Not all minds who wander are lost


Charlotte Sellers

Left to right: Juniors Meg Devanny, Shea Devanny, Michasia Randolph, and Opal O’Rourke at Mindfulness Club.

From fidget spinners to furbies, trends come and go. The new global craze is Mindfulness. From Laurie Santos’ studies at Yale to the “it” girl.

Can a better mentality really clear your skin and be cashed in at the bank?

According to the CDC mindfulness is on the rise with one study indicating “use of meditation increased significantly for U.S. children from 0.6% in 2012 to 5.4% in 2017”. A number that only has increased after the pandemic. In an age where social media rules especially among the youth of America and the world is recovering from a global pandemic, mindfulness seems to be the last thing on people’s minds. A challenge Cheyenne Mountain’s mindfulness club meets every Friday at 8 for 20 minutes in Mr Lawson’s room to grapple. 

Society values productivity and the faster something can be done the better. People eat, work, sleep, and repeat. Mindfulness teaches that when eating, focus on each bite and the meal becomes more enjoyable. One study found a link between mindfulness and positive changes in the brain improving learning and emotion. At high schools like Cheyenne between homework and extracurriculars focusing on slowing down is a challenge, enter Mindfulness Club. Started last year, the Mindfulness Club strives to improve the well-being of the Cheyenne student body.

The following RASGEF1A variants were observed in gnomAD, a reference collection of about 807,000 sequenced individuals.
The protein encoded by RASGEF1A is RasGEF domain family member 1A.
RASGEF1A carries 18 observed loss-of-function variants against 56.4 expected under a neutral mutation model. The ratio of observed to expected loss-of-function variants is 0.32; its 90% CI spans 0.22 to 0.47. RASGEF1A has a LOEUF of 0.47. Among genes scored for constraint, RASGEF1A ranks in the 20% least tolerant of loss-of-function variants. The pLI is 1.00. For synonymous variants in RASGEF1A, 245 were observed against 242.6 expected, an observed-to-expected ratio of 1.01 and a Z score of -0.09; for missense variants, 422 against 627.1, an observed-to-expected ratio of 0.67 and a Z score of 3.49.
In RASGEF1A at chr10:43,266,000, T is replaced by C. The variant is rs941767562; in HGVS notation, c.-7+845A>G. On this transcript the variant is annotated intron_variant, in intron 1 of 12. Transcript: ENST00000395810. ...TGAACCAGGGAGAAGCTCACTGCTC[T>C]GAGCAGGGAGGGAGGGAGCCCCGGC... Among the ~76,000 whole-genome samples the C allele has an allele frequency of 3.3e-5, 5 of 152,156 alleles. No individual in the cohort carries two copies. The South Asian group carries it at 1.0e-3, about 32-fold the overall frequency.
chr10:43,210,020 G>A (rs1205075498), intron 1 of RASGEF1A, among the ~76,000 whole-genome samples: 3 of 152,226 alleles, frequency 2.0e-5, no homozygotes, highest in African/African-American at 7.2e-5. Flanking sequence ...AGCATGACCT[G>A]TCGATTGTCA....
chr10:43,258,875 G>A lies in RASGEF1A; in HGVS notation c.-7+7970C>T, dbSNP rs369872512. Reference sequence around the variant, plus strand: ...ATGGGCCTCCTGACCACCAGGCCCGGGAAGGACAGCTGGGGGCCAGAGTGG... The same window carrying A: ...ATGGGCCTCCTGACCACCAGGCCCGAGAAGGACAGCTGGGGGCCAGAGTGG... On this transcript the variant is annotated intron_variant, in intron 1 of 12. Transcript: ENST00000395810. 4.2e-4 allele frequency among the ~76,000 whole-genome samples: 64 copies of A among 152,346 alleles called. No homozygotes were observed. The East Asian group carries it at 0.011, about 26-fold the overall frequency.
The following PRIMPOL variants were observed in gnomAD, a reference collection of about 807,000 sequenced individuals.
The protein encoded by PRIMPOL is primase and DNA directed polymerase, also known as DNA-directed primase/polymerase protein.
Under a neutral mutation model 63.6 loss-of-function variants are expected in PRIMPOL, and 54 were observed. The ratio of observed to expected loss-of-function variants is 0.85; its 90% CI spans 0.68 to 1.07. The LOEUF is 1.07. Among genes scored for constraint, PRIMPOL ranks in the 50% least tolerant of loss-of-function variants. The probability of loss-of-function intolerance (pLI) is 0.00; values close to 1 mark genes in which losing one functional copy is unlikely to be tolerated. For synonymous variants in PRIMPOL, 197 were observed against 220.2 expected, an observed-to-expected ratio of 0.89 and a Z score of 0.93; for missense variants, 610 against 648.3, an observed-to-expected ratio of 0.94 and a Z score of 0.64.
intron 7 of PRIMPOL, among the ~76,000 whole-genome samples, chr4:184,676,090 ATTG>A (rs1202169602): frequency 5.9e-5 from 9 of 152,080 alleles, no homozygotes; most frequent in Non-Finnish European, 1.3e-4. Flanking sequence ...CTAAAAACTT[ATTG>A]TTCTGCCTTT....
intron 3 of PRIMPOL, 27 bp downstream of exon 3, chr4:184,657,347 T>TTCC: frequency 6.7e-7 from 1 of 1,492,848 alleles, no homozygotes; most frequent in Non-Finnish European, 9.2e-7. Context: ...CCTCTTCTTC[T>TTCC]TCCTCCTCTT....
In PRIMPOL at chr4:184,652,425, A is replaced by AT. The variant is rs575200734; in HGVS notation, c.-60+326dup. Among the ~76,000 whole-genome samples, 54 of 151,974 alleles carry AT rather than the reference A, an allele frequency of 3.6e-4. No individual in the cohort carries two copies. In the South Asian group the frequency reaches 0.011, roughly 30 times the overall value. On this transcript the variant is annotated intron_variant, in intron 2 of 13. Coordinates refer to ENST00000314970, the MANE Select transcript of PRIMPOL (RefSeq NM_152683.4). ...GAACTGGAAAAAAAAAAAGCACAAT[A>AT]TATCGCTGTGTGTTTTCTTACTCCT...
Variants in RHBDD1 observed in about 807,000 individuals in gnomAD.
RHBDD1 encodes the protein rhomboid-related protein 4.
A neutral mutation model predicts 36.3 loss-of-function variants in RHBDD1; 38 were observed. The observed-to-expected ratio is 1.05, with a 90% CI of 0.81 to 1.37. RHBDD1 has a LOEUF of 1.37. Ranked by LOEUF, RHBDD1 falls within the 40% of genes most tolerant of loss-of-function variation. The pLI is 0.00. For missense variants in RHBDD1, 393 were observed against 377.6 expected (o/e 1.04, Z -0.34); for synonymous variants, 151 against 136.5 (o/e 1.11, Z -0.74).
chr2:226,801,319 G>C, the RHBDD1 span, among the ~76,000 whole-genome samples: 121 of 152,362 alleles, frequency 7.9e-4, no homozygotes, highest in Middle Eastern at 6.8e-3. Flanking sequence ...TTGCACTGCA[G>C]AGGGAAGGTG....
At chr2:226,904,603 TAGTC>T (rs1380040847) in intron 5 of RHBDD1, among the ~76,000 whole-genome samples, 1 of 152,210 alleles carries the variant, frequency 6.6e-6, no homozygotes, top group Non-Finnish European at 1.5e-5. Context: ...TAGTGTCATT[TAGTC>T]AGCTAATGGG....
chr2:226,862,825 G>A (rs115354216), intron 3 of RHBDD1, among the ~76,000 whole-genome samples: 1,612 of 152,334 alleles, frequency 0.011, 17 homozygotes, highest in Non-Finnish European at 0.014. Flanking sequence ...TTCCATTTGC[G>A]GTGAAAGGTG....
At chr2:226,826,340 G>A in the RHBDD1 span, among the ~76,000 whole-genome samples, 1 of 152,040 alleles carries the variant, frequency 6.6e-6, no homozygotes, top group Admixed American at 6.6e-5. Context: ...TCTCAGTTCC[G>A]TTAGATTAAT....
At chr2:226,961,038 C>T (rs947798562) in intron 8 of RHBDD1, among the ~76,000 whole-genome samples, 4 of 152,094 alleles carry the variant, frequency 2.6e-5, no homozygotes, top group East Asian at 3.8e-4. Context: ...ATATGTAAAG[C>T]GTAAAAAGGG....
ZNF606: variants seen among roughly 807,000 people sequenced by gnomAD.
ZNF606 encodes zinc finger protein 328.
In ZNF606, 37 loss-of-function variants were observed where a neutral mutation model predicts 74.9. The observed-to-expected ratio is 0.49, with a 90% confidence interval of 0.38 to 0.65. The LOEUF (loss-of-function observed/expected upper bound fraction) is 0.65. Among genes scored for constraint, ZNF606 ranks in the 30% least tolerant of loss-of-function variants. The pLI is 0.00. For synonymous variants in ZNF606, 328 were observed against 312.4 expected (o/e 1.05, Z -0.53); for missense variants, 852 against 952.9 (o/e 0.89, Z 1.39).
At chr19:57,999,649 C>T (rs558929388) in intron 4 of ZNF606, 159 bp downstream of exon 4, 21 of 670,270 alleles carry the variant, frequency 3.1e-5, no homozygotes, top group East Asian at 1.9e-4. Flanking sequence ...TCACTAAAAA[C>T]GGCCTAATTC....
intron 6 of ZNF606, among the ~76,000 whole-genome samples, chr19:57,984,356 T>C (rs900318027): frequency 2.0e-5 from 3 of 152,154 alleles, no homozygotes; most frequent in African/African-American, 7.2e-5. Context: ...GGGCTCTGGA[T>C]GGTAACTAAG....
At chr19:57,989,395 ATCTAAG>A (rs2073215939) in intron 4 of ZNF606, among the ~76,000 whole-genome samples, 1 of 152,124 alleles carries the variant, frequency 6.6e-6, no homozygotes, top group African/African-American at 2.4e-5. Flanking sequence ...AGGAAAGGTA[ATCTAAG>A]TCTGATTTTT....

Junior Alexandra Nelson, a frequent attender said, “I really like going to mindfulness club and the fact that it’s on Friday allows me to feel relieved before my busy weekends”. 

Utilized at any time and coming in all different shapes allowing it to be transplanted into busy schedules Mindfulness is versatile . A 5 minute breathing exercise as preparation for a stressful meeting. A nature walk as a distraction before an important presentation. Moving one’s body even for half an hour each day makes a difference. CDC research concluded that “8.4% of children (4.9 million) aged 4–17 years used yoga” which was likely to relieve pent up energy. During the pandemic parents needed an alternative to TV. Mindfulness seemed to be a perfect solution, but is easier said than done. 

 President of the Mindfulness Club, Opal O’Rourke said, “It’s really easy to start mindfulness but harder to stick with it. It requires a lot of dedication, but is definitely worth it.” From body scans to meditations focusing on being mindful rather than busy schedules and to do lists is a challenge, but practice makes perfect. Living in a society that idolizes happiness the phrase “you aren’t happy enough” is tossed around. Mindfulness teaches that happiness is a process, a journey filled with joy as well as grief. It is realizing that the little moments aren’t very little at all.